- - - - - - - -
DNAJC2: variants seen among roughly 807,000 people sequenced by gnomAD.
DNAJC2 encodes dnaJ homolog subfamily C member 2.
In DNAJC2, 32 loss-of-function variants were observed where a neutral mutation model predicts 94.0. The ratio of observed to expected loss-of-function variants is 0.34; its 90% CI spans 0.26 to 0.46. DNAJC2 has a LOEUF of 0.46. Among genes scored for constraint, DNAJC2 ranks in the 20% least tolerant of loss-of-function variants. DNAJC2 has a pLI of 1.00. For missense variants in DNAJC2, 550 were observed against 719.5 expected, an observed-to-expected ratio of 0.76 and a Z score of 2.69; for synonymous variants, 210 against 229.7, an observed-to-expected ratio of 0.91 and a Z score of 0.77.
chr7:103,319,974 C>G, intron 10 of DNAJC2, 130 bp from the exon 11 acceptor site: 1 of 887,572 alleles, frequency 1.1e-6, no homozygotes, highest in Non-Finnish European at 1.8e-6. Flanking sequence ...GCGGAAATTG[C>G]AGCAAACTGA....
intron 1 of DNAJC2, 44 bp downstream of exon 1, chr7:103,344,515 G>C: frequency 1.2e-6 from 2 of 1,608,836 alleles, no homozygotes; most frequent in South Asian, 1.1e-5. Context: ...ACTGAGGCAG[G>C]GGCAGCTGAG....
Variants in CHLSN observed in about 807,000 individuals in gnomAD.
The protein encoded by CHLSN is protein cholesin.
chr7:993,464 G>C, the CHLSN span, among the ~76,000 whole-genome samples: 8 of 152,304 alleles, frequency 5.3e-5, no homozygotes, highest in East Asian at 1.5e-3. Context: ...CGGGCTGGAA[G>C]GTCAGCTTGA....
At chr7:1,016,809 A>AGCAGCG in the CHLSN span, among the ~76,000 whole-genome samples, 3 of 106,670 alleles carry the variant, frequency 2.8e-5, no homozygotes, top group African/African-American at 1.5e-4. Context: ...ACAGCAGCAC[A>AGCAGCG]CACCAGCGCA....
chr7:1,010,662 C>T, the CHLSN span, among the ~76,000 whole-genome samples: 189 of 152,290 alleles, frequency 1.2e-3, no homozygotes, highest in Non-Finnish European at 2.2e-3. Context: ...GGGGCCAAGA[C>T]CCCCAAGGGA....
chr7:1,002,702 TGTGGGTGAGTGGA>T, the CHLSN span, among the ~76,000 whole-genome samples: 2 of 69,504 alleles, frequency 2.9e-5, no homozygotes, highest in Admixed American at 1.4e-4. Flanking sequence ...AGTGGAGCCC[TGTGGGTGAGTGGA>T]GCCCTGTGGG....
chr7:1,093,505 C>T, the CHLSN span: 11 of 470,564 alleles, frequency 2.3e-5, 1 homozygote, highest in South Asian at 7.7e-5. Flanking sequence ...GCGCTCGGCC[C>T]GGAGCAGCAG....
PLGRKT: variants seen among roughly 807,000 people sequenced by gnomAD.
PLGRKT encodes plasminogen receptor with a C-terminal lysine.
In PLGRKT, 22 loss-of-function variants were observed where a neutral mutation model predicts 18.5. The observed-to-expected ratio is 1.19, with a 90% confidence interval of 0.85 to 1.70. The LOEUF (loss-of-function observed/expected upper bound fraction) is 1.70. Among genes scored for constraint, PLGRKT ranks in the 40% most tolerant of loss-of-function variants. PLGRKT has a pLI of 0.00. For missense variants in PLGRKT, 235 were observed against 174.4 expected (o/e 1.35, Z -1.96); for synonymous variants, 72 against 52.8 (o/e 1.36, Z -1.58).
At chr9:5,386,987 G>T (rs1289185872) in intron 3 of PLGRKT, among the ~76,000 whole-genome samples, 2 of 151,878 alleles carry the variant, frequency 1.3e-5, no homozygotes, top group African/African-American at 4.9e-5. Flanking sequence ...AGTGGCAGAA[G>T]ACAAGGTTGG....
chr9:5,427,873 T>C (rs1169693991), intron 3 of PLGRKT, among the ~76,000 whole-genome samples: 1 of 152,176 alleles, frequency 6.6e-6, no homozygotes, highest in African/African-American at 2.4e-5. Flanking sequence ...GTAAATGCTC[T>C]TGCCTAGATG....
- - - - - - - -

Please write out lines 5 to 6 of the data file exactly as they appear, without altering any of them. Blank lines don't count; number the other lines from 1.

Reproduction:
intron 1 of DNAJC2, 44 bp downstream of exon 1, chr7:103,344,515 G>C: frequency 1.2e-6 from 2 of 1,608,836 alleles, no homozygotes; most frequent in South Asian, 1.1e-5. Context: ...ACTGAGGCAG[G>C]GGCAGCTGAG....
Variants in CHLSN observed in about 807,000 individuals in gnomAD.